About the C-Port® Distal Anastomosis Systems (C-Port systems)
In the United States, the C-Port Anastomosis Systems are intended for use in the creation of anastomoses in blood vessels and grafts, including use in coronary artery bypass grafting procedures. The C-Port systems – the C-Port xA system and the Flex-A® system – can be used on- or off-pump and create compliant anastomoses that expand and contract with blood flow. The C-Port systems work on coronary arteries as small as 1.3 millimeters in internal diameter and work with grafts of various diameters and vessels with single wall thicknesses less than 0.75 millimeters. The Flex-A system allows surgeons to position the device to create a secure connection even in difficult to reach areas of the heart.
About the PAS-Port® Proximal Anastomosis System
In the United States, the PAS-Port® System is intended to create the aortic anastomosis of aortic autologous vein grafts. The PAS-Port system is a fully-automated device used to perform an anastomosis between a saphenous vein and the aorta during either on- or off-pump CABG surgery. The PAS-Port system has been used in Japan and Europe since 2004, and received 510(k) clearance in the United States in 2008. The PAS-Port system allows a surgeon to complete an automated connection of the bypass graft vessel to the aorta (known as a proximal anastomosis) without the need to clamp and manipulate the aorta. The common method of completing a proximal anastomosis in CABG surgery often requires that the aorta be clamped and utilizes time-consuming hand-sewn sutures. When the clamp is released, tiny blood clots or particles from the aortic wall can be released, which can then travel to the brain and cause stroke and other neurologic complications. In addition, the PAS-Port's unique design allows for a comparable take-off angle when compared to hand-sewn sutures, and the PAS-Port's implant design does not introduce metal into the graft lumen.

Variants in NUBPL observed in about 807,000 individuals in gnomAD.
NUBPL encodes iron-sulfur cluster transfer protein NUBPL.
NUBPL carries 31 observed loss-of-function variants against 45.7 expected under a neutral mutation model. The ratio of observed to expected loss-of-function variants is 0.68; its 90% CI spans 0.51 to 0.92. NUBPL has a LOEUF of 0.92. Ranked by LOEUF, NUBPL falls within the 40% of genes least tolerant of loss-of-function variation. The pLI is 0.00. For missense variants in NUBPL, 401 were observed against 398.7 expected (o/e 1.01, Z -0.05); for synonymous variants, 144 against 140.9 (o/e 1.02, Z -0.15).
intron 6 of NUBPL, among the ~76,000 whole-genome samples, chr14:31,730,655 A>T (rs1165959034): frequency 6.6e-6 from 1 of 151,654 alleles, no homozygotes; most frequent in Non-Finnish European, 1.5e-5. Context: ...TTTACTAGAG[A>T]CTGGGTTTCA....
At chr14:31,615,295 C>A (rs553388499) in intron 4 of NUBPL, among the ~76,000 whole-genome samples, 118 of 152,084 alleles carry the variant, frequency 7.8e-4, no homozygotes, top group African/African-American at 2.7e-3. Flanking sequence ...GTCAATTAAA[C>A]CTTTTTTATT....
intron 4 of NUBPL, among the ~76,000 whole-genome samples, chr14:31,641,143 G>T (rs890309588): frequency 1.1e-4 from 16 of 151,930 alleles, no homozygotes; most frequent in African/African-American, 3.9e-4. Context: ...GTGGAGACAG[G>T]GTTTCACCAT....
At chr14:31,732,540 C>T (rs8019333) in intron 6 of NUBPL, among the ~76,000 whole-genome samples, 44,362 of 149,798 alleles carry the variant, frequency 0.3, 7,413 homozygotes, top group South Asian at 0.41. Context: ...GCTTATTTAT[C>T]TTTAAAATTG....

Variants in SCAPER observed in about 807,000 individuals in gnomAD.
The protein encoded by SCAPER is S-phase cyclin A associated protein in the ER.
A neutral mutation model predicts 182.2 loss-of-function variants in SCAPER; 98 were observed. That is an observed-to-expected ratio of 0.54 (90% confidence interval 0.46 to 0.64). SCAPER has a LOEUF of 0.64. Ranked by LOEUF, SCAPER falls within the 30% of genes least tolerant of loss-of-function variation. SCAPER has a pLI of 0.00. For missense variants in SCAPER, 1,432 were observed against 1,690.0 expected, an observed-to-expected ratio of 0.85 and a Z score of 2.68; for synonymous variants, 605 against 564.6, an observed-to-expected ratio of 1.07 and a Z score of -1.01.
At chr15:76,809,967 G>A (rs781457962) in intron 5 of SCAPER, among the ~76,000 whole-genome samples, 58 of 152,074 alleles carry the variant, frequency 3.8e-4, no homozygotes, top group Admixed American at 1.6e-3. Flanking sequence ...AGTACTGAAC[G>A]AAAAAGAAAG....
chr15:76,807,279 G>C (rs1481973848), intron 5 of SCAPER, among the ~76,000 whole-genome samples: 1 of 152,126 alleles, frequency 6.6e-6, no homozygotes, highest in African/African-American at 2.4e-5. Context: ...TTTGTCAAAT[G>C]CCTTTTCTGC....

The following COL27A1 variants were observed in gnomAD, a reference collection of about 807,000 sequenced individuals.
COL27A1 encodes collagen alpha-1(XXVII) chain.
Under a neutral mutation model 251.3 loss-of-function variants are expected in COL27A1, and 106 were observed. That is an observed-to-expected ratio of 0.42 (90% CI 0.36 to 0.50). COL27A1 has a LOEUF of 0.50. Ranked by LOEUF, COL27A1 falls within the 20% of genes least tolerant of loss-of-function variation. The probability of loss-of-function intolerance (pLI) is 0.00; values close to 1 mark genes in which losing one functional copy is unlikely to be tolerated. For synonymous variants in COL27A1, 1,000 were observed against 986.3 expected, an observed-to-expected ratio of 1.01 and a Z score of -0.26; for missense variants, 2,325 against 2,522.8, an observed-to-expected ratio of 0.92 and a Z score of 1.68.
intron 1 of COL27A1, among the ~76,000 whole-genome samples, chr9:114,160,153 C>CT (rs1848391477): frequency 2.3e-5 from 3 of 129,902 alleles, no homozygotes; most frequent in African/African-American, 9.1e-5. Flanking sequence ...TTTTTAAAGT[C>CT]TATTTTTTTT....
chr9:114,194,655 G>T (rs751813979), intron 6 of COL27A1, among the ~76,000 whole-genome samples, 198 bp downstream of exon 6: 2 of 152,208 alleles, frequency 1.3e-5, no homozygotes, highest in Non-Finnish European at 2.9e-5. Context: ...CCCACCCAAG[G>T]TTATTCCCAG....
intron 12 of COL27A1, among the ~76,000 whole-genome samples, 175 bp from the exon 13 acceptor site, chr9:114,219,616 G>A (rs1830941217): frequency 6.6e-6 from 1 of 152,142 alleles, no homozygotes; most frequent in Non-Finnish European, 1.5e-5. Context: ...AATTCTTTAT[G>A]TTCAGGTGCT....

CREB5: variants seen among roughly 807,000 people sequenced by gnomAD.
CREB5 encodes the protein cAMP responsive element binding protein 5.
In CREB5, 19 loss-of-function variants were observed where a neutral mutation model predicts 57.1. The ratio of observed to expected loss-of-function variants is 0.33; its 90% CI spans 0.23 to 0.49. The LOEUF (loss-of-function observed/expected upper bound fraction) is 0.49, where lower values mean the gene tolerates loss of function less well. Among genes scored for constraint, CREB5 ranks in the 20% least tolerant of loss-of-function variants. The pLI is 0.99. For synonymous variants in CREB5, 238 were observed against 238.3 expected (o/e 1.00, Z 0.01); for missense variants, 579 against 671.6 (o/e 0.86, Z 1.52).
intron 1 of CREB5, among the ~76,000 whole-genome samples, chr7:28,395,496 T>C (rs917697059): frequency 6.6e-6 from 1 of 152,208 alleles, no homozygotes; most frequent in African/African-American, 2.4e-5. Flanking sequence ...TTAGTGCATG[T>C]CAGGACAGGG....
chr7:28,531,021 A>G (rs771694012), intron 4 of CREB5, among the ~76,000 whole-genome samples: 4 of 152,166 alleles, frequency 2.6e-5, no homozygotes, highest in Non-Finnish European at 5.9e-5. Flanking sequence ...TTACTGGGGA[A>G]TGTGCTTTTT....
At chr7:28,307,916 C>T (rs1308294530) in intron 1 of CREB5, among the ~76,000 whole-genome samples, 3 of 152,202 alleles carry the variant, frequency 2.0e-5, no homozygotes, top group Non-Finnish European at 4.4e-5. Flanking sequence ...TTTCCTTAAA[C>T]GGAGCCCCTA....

MicroCutter Indication Information
The MicroCutter 5/80 Stapler and MicroCutter 30 Reloads are manufactured and cleared for use in the United States for transection and resection in multiple open or minimally invasive urologic, thoracic and pediatric surgical procedures, as well as application for transection, resection and/or creation of anastomoses in the small and large intestine, and the transection of the appendix. The MicroCutter 5/80 may be used with both MicroCutter 30 White Reloads in vascular/thin tissue and MicroCutter 30 Blue Reloads for standard tissue.
About Dextera Surgical
Dextera Surgical (Nasdaq:DXTR) designs and manufactures proprietary stapling devices for minimally invasive surgical procedures. In the U.S., surgical staplers are routinely used in more than one million minimally invasive laparoscopic, video-assisted or robotic-assisted surgical procedures annually.
Dextera Surgical also markets the only automated anastomosis devices for coronary artery bypass graft (CABG) surgery on the market today: the C-Port® Distal Anastomosis Systems and PAS-Port® Proximal Anastomosis System. These products, sold by Dextera Surgical under the Cardica brand name, have demonstrated long-term reliable clinical performance for more than a decade.
The statements in this press release regarding the expected future benefits the MicroCutter 5/80, C-Port and PAS-Port devices are "forward-looking statements." There are a number of important factors that could cause results to differ materially from those indicated by these forward-looking statements, including the risks detailed from time to time in Dextera Surgical’s reports filed with the U.S. Securities and Exchange Commission, including its Quarterly Report on Form 10-Q for the quarter ended March 31, 2017, under the caption “Risk Factors.” Dextera Surgical expressly disclaims any obligation or undertaking to release publicly any updates or revisions to any forward-looking statements contained herein. You are encouraged to read Dextera Surgical’s reports filed with the U.S. Securities and Exchange Commission, available at www.sec.gov.